Michael Kaabak graduated from the Faculty of Pediatrics of the second Moscow Medical Institute in 1989 year, residency in Pediatric Surgery at Moscow Children City Hospital No. 13 in 1989-1991 years. From September 1991 to March 2000, he worked as a surgeon in kidney transplant department of Republican Children's Clinical Hospital of Russian Ministry of health. In 1997, he defended his thesis "Kidney transplantation in children”. January-April, 1999: internship at the Hôpital Necker des Enfant Malades, Paris. Since March 2000 till November 2019, he was Chief of the kidney transplant department of Boris Petrovsky National Research Center of Surgery. In 2003, defended his doctoral thesis "Post-operative treatment of kidney graft reperfusion injury: new insights into pathogenesis of reperfusion trauma". In 2009 graduated as Professor of surgery in the field of Transplantology and Artificial organs. Since December 2019, he heads organ transplant division in the National medical research center for children’s health. For the first time in Russia performed the following successful transplants: kidney to the children of the first year of life, small intestine from deceased donor, and pancreas from deceased donor. Michael Kaabak focused investigational efforts on reperfusion injury, immunosuppression minimization, long-term graft function.
Unusual approach to assess induction therapy efficacy in kidney transplantation
Michael Kaabak1, Nadeen Rappoport1, Sergey Tsyb3, Julia Vyunkova1,2, Elena Bryzgalina4, Allan Zokoyev2, Stanislav Schekaturov2.
1Organ transplant, National Medical Research Center for Children's Health, Moscow, Russian Federation; 2Kidney transplantation, Boris Petrovsky National Research Center of Surgery, Moscow, Russian Federation; 3Ministry of Industry and Trade, Moscow, Russian Federation; 4Lomonosov Moscow State University, Moscow, Russian Federation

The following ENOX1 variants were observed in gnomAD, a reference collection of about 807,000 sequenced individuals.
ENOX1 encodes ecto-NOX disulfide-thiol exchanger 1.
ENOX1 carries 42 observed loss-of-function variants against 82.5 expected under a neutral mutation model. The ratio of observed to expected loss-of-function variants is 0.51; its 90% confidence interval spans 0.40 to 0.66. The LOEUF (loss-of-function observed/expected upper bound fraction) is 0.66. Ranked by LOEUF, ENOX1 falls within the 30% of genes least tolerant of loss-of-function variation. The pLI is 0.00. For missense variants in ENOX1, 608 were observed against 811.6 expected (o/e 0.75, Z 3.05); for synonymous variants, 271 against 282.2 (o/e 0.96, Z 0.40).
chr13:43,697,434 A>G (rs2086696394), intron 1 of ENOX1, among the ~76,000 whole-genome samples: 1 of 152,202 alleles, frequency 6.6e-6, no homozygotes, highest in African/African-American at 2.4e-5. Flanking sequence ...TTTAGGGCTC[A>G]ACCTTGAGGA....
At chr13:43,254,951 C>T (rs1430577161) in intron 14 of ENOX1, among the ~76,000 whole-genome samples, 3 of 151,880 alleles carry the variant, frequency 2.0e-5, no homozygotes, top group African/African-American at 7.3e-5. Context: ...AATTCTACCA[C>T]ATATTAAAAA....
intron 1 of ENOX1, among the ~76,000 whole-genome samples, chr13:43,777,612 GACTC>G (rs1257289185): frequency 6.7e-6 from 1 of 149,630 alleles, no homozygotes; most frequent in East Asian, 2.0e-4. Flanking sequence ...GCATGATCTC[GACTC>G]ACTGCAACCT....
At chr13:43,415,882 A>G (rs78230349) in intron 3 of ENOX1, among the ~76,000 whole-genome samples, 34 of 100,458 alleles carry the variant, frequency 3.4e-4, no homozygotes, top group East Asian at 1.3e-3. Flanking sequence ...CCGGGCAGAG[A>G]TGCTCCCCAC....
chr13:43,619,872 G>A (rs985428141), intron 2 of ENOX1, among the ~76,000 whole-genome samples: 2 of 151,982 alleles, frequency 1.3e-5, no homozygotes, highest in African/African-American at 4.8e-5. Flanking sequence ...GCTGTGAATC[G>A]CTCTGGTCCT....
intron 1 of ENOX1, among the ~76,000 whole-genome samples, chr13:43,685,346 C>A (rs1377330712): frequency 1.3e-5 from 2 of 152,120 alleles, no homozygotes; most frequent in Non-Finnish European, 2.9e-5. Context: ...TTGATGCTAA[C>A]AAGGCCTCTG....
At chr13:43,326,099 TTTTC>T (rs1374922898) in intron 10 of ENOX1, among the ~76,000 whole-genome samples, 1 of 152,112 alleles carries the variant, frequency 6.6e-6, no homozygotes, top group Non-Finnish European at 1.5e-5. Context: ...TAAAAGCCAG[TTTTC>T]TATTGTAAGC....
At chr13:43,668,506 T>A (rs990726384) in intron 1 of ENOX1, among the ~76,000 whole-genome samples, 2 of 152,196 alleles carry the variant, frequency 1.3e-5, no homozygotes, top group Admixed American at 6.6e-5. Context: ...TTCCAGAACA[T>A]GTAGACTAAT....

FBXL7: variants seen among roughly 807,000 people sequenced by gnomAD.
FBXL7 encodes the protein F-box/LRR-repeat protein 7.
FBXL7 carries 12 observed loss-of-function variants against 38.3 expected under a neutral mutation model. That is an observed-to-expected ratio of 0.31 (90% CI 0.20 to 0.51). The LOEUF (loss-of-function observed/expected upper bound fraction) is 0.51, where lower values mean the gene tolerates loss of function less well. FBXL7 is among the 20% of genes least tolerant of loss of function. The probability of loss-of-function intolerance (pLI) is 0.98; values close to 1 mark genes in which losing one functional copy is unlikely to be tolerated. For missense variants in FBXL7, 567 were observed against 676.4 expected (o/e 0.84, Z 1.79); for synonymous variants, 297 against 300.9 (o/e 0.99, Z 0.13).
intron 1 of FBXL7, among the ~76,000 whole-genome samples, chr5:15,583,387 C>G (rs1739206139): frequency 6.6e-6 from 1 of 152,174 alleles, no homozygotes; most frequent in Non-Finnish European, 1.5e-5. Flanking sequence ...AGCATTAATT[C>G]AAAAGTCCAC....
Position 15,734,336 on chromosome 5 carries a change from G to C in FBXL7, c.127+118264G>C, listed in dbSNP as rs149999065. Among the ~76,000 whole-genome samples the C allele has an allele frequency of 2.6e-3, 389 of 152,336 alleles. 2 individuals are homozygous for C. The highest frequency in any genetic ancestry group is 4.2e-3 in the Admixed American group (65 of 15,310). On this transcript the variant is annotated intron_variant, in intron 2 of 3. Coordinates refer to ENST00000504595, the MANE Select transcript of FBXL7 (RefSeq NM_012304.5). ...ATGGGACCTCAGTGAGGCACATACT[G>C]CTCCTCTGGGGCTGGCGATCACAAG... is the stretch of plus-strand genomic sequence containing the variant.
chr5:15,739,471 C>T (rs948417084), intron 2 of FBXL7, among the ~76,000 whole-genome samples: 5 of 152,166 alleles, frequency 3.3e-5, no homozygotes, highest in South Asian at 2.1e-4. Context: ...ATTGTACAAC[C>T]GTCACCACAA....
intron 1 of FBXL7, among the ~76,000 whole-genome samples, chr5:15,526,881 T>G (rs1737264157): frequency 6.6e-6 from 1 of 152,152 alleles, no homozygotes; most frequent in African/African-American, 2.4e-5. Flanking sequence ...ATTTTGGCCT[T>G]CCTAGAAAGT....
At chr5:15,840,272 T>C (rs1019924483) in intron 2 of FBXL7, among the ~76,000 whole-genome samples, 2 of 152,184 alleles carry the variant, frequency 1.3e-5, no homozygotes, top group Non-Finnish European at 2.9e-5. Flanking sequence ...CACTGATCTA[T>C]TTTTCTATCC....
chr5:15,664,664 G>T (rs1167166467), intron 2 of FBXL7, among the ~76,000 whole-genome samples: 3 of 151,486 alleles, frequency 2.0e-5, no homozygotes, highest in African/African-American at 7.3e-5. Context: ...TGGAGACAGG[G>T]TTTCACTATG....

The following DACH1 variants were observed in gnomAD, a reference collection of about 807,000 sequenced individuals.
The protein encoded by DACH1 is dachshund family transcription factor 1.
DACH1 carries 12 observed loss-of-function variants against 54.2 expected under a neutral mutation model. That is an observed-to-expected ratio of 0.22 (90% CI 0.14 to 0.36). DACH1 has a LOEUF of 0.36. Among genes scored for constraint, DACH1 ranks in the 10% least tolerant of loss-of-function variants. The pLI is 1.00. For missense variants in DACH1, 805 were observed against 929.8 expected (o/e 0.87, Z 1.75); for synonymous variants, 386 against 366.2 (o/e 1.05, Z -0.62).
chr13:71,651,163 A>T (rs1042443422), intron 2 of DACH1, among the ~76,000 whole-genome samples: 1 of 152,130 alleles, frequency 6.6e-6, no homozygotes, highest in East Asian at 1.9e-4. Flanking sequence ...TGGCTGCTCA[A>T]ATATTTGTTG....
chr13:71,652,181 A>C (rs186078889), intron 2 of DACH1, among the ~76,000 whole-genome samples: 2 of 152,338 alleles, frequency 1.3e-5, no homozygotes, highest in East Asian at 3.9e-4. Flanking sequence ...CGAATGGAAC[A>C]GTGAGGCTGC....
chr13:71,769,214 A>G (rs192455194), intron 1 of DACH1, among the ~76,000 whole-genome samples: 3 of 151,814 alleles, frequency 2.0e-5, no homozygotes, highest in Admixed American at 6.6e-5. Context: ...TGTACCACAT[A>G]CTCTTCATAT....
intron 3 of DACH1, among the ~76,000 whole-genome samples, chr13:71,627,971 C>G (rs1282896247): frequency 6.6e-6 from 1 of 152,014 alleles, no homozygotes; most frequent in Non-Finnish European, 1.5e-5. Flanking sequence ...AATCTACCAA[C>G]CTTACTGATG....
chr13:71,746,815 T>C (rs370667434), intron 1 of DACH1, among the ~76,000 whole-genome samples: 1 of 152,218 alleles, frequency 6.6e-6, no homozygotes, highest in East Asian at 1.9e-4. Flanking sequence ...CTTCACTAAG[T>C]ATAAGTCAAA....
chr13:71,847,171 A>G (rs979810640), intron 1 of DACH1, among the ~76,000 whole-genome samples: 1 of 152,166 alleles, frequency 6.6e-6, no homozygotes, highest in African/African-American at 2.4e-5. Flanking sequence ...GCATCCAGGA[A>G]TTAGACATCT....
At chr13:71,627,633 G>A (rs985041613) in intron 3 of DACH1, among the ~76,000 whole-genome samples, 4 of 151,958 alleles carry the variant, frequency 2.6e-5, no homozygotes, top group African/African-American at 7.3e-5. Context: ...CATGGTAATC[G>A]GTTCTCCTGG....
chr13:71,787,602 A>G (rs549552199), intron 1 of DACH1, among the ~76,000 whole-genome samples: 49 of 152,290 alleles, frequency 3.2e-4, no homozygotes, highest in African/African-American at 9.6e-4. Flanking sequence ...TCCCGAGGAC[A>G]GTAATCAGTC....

Background: High bioethical and surgical technology, which is realized during organ transplantation, does not have secondary issues. Everything from the induction of immunosuppression to the patient's last breath is a team work that collects the hopes of the patient, his relatives, doctors, and society.
Materials and methods: For 20 years, we have been monitoring the long-term results of transplantations in patients of different age and social groups. We collected a full follow-up and now we can evaluate reliable signs of a better quality of life, depending on the immunosuppression (IS) scheme used. According to historical era, 1104 patients were assigned to following IS: steroid based maintenance consisted of CNI+MMF following either no induction or anti-CD25r or anti-CD3 induction (614 patients), and steroid free lowCNI+MMF following alemtuzumab induction in combination or not with anti-C5b-C9 (500 patients). Besides survival rates, quality of live (QOL) related to social rehabilitation were assessed. We investigated return to pre disease occupation or acquisition of a new profession as a result of continuing education in adult patients, public education as kindergarten/school attendance in children, active mode of life, hobby, sport, marriage, childbearing, quantity of active friends in environment (not in social networks).
Results: Seven years graft survival was higher in alemtuzumab patients (75% vs 71%, p=0.0291). Better QOL was associated with age of transplant and dialysis duration prior to transplantation. The longer children were on dialysis, the lower the QOL. The best QOL demonstrated children with preemptive transplantation. In adults, on the contrary, the longer the waiting time for a transplant was, the higher the index of social activity and personal perception of the QOL.
Conclusions: 1. Induction IS followed by less maintenance IS both in amount and dosages of the drugs, not accompanied by visible metabolic disorders, with less oncological complications, significantly improves the QOL.
2. The best QOL we observed in children who received their kidney graft at the 1.5-2 years of age preemptively, or after short dialysis.
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